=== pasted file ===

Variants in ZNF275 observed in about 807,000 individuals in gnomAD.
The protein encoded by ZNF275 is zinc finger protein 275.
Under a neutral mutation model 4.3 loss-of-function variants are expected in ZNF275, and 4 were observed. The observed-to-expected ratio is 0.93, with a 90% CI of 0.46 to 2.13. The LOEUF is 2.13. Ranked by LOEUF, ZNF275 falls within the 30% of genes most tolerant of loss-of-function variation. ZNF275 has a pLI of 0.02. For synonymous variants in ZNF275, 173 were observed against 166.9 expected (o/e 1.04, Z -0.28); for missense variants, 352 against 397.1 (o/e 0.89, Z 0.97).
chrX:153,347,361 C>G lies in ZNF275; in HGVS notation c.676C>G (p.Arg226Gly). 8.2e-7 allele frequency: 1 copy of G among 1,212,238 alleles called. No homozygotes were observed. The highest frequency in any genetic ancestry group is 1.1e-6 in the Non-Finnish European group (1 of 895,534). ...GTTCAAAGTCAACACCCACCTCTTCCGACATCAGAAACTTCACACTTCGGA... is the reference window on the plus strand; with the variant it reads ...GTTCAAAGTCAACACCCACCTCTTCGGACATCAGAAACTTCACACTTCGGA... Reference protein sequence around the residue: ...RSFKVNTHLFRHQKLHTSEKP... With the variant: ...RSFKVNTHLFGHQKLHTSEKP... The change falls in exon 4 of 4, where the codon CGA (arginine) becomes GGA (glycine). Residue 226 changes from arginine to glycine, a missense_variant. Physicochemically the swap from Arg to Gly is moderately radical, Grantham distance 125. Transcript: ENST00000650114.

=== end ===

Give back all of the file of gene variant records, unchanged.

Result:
Variants in ZNF275 observed in about 807,000 individuals in gnomAD.
The protein encoded by ZNF275 is zinc finger protein 275.
Under a neutral mutation model 4.3 loss-of-function variants are expected in ZNF275, and 4 were observed. The observed-to-expected ratio is 0.93, with a 90% CI of 0.46 to 2.13. The LOEUF is 2.13. Ranked by LOEUF, ZNF275 falls within the 30% of genes most tolerant of loss-of-function variation. ZNF275 has a pLI of 0.02. For synonymous variants in ZNF275, 173 were observed against 166.9 expected (o/e 1.04, Z -0.28); for missense variants, 352 against 397.1 (o/e 0.89, Z 0.97).
chrX:153,347,361 C>G lies in ZNF275; in HGVS notation c.676C>G (p.Arg226Gly). 8.2e-7 allele frequency: 1 copy of G among 1,212,238 alleles called. No homozygotes were observed. The highest frequency in any genetic ancestry group is 1.1e-6 in the Non-Finnish European group (1 of 895,534). ...GTTCAAAGTCAACACCCACCTCTTCCGACATCAGAAACTTCACACTTCGGA... is the reference window on the plus strand; with the variant it reads ...GTTCAAAGTCAACACCCACCTCTTCGGACATCAGAAACTTCACACTTCGGA... Reference protein sequence around the residue: ...RSFKVNTHLFRHQKLHTSEKP... With the variant: ...RSFKVNTHLFGHQKLHTSEKP... The change falls in exon 4 of 4, where the codon CGA (arginine) becomes GGA (glycine). Residue 226 changes from arginine to glycine, a missense_variant. Physicochemically the swap from Arg to Gly is moderately radical, Grantham distance 125. Transcript: ENST00000650114.